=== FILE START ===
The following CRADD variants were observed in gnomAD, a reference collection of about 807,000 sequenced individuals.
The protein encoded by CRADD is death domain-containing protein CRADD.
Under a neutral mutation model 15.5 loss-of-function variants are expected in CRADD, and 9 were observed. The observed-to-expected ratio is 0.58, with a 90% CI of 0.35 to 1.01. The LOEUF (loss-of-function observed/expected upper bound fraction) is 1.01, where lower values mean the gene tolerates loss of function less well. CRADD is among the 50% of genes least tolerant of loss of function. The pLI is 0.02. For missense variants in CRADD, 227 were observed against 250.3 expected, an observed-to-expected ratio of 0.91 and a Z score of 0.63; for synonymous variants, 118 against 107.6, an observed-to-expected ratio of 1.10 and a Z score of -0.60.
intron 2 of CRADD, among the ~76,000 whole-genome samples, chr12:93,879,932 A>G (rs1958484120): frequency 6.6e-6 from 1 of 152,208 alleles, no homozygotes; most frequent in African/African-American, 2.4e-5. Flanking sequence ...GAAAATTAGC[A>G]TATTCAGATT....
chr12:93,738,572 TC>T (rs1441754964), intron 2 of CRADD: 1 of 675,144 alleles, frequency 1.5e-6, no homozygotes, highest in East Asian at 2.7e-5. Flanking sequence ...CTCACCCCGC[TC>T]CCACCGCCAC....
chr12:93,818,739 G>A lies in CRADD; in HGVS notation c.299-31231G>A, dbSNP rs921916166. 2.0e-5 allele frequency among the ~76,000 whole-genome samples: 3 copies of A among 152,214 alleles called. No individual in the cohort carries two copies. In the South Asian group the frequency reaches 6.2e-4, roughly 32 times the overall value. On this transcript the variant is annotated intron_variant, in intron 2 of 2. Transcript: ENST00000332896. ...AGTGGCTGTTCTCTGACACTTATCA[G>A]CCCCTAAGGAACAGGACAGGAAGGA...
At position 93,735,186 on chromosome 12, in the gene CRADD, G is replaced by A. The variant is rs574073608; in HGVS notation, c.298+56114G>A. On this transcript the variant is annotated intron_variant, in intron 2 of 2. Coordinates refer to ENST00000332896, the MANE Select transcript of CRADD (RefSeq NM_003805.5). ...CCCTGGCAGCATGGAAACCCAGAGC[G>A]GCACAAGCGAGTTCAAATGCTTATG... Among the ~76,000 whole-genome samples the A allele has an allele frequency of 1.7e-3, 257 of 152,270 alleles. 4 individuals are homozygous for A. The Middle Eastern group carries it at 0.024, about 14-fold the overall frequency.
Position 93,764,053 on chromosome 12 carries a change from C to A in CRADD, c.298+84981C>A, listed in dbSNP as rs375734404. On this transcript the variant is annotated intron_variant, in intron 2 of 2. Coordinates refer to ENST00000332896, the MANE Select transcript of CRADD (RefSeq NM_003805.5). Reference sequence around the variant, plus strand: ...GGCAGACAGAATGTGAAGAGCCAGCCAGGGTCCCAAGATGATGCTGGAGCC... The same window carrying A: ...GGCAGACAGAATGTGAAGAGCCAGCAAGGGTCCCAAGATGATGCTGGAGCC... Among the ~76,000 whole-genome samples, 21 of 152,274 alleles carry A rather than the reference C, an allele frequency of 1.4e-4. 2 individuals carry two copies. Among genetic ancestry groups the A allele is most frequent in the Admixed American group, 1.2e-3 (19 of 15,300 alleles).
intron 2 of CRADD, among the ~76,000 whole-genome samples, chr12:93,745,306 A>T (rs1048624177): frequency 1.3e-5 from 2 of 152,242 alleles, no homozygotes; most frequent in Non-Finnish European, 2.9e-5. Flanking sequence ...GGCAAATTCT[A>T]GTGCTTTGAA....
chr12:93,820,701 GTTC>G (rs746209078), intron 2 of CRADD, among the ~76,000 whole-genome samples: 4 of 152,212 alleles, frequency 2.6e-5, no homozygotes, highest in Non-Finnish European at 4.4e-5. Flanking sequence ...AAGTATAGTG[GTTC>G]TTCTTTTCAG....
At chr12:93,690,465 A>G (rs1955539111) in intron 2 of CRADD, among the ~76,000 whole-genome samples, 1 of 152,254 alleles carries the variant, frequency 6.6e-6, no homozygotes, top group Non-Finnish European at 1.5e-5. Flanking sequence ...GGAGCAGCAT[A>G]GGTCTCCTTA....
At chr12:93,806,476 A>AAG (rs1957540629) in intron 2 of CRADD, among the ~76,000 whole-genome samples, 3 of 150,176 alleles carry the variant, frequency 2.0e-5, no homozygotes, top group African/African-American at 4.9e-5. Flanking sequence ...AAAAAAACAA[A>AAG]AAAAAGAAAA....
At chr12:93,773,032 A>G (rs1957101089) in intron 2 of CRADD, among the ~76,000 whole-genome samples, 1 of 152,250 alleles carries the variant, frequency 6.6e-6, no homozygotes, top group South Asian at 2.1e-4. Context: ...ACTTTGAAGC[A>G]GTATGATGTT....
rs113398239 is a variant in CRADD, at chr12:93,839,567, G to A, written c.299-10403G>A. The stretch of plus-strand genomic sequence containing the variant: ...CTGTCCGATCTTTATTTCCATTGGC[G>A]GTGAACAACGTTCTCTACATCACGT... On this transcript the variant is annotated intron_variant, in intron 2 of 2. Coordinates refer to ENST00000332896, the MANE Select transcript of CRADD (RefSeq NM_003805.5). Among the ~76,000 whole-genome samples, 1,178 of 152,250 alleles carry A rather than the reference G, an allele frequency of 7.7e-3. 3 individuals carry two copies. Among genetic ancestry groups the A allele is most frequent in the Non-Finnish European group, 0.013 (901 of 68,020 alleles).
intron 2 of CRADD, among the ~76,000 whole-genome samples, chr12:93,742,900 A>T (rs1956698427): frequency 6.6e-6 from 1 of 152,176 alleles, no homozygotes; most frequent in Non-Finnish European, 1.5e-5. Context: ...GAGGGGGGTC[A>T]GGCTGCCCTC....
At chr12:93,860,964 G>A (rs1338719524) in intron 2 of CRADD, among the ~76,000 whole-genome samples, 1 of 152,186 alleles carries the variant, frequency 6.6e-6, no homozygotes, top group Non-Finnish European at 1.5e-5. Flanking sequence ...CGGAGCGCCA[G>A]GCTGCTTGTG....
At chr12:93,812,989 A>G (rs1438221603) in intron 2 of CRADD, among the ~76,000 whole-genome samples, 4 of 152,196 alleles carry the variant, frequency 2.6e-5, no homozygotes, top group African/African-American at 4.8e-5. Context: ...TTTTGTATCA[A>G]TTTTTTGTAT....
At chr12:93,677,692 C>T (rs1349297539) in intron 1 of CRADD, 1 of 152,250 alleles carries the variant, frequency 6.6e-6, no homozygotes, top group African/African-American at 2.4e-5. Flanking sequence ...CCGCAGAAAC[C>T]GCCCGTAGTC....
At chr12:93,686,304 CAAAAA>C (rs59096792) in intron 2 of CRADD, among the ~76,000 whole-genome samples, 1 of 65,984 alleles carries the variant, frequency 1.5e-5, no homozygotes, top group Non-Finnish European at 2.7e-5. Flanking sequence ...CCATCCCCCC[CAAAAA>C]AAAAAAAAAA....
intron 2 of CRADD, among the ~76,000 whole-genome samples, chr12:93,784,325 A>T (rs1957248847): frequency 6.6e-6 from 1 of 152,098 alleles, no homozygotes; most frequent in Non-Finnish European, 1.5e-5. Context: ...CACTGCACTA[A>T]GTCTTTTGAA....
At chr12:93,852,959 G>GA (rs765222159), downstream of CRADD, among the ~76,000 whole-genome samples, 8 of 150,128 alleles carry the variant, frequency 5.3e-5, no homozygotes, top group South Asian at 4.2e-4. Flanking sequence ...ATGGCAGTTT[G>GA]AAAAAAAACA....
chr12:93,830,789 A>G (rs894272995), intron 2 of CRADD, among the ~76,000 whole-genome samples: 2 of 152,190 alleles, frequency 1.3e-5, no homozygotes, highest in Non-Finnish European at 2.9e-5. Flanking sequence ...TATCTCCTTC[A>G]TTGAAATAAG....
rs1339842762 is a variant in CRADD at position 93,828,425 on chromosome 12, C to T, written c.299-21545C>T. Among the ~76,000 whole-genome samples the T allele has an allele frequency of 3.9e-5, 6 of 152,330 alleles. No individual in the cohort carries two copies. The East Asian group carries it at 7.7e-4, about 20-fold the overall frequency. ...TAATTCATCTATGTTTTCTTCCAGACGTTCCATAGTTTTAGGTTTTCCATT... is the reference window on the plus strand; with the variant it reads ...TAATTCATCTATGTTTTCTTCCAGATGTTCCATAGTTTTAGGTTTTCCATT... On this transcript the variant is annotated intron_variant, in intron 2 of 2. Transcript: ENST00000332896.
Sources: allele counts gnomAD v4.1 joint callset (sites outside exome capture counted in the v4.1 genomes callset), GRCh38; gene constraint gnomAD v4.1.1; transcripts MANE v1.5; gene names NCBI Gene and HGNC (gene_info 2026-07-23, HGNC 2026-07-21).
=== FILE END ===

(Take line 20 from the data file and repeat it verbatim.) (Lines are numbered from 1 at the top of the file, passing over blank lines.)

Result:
intron 2 of CRADD, among the ~76,000 whole-genome samples, chr12:93,784,325 A>T (rs1957248847): frequency 6.6e-6 from 1 of 152,098 alleles, no homozygotes; most frequent in Non-Finnish European, 1.5e-5. Context: ...CACTGCACTA[A>T]GTCTTTTGAA....